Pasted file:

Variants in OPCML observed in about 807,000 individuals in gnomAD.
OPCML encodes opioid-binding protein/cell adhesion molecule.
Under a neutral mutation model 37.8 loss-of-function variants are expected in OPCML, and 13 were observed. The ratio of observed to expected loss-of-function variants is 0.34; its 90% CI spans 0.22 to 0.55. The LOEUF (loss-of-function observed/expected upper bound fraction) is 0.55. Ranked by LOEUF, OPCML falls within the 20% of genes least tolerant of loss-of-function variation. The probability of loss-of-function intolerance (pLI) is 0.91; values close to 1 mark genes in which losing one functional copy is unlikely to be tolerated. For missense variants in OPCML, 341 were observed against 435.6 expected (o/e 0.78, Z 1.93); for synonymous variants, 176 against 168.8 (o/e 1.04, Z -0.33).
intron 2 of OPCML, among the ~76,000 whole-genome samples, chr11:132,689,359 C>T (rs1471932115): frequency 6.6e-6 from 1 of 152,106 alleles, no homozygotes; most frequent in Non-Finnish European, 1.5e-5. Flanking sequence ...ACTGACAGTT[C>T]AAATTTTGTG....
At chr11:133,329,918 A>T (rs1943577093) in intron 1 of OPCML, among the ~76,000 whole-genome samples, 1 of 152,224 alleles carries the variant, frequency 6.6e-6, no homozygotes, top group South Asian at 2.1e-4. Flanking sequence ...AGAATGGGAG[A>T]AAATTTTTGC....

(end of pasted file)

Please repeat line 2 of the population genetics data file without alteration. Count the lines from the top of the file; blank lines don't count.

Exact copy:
OPCML encodes opioid-binding protein/cell adhesion molecule.